- The Washington Times - Wednesday, March 24, 2010

KISSIMMEE, Fla. | With all the attention being paid to the Republican Senate primary between former state House Speaker Marco Rubio and Gov. Charlie Crist, it may be easy to forget that there’s another major candidate seeking the seat - Democratic Rep. Kendrick B. Meek.

The Rubio-Crist race is one of the most closely watched in the country as Mr. Rubio has come from far behind quickly to pass Mr. Crist in the polls. Either can attract mobs of reporters, and they are often on national television.

Meanwhile, Mr. Meek, who has been campaigning for more than a year, is still unknown to about seven out of 10 Floridians. At recent stops in central Florida, he attracted crowds of about 30 people. No local media showed up. Yet Mr. Meek says that’s fine with him. He doesn’t mind letting the Republicans get all the attention as long as they keep criticizing each other.

“We’re going to get our attention at the right time,” Mr. Meek said after meeting with a group of Hispanic supporters outside a Dominican restaurant. “I don’t see it as wasted ink as it relates to newspapers when the coverage is the dirty and nasty Republican primary. To the average voter that’s out there trying to make ends meet, they’re turned off by that.”

Mr. Meek, 43, has a primary of his own - former Miami Mayor Maurice Ferre is also running - but he is considered the clear front-runner. That may allow him to save much of his money for the general election and be in a position to define himself after Mr. Crist and Mr. Rubio finish focusing on each other.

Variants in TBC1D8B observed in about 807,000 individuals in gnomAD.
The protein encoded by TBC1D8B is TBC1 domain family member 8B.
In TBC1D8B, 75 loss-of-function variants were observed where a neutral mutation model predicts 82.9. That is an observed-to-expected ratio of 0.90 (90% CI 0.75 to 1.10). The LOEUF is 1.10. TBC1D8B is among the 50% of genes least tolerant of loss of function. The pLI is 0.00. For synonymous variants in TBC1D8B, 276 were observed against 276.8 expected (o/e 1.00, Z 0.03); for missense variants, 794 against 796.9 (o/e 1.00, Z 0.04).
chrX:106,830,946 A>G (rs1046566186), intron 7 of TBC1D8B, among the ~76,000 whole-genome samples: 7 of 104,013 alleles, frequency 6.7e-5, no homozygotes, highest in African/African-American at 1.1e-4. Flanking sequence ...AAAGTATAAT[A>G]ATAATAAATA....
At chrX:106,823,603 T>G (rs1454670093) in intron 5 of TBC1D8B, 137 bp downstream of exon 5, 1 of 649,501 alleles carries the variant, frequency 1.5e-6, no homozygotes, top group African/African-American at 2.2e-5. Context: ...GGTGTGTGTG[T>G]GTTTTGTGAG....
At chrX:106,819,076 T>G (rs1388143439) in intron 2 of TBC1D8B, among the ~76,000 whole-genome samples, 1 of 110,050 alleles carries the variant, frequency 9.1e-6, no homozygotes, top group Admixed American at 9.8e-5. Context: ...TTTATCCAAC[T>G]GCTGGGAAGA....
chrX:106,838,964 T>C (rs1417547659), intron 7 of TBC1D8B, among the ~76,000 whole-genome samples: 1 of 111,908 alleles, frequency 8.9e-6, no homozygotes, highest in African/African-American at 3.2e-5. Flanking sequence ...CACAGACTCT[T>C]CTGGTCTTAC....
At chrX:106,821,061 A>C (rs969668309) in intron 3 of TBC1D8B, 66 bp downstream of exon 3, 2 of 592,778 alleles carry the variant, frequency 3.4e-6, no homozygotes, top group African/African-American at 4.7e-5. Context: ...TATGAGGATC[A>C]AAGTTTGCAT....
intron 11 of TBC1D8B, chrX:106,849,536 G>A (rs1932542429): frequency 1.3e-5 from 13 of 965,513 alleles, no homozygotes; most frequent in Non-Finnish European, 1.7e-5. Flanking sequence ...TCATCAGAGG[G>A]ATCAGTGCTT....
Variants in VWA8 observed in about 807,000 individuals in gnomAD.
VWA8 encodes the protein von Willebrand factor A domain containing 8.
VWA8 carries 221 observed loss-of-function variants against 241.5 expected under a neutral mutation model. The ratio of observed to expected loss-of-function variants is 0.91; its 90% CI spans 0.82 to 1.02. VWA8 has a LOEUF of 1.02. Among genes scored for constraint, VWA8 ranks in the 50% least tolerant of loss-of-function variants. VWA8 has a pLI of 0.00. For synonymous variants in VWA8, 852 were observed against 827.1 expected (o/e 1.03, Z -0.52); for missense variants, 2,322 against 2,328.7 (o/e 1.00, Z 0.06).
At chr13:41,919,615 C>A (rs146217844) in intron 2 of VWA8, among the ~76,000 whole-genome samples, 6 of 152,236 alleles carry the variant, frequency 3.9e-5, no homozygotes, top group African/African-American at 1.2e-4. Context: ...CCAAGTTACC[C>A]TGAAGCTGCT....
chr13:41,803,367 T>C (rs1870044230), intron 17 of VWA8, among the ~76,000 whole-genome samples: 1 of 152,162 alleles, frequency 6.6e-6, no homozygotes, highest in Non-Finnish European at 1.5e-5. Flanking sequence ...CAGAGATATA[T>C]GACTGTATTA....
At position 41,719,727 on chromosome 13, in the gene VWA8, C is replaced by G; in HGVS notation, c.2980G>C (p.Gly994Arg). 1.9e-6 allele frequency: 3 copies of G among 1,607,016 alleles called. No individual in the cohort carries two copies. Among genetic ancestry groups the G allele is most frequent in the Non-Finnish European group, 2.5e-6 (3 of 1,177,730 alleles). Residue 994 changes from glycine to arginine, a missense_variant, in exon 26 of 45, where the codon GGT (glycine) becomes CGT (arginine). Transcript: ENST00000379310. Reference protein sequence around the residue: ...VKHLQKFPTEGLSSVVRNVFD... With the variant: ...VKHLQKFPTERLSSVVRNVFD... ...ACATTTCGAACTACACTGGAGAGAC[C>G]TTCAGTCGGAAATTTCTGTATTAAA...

“Whatever comes out of the Republican primary, if it’s the governor or the former speaker, that candidate would have not only made statements, but taken positions that [have] very little to do with the future of Florida, but has a lot to do with ideology,” Mr. Meek told supporters last weekend.

Mr. Meek is quietly building up grass-roots support and focusing on fundraising. He is trying to become the first person in Florida to qualify for the Senate ballot by petition, hoping to gather more than 112,000 names, along with contact information for possible donations and volunteers. He has until March 29 to file the petitions; otherwise, he can write a check for about $10,000 to get on the ballot.

Mr. Meek, a former Florida Highway Patrol trooper, served in the state Senate from 1998-2002, when he was elected to the Miami congressional seat previously held by his mother, Carrie Meek. He also led the effort to change the state constitution to limit school-class sizes.

In Congress, he served on the Armed Services Committee in his first three terms. He hopes his law-enforcement background and military expertise win over votes north of Interstate 4.

“Some people are shocked when they hear I was a state trooper. Some people are shocked that I was on the Armed Services Committee,” said Mr. Meek, adding that voters shouldn’t think he’s too liberal just because he’s from South Florida. “As people learn more about me, they say, ‘Oh, OK.’ ”

In the meantime, the Crist-Rubio race just keeps getting nastier. David Beattie, a Democratic strategist based in Fernandina Beach, noted that Mr. Crist is doing whatever he can to make Mr. Rubio look like a crooked politician by pointing out personal charges on a party credit card and questioning how he spent money donated to a political committee and more.

And Mr. Rubio is constantly attacking Mr. Crist.

“Rubio is going to continue the tactic that Crist is a bad governor, he’s a sellout, and he’ll say anything to get elected,” Mr. Beattie said. “These are personal attacks who will leave whoever emerges pretty bruised.” The primary is Aug. 24.

Mr. Rubio recognizes that a brutal primary can hurt the Republican nominee and has said he wants the campaign to be about issues and policy and not personal attacks.

Mr. Crist did not respond to requests for comment for this article made through his campaign.

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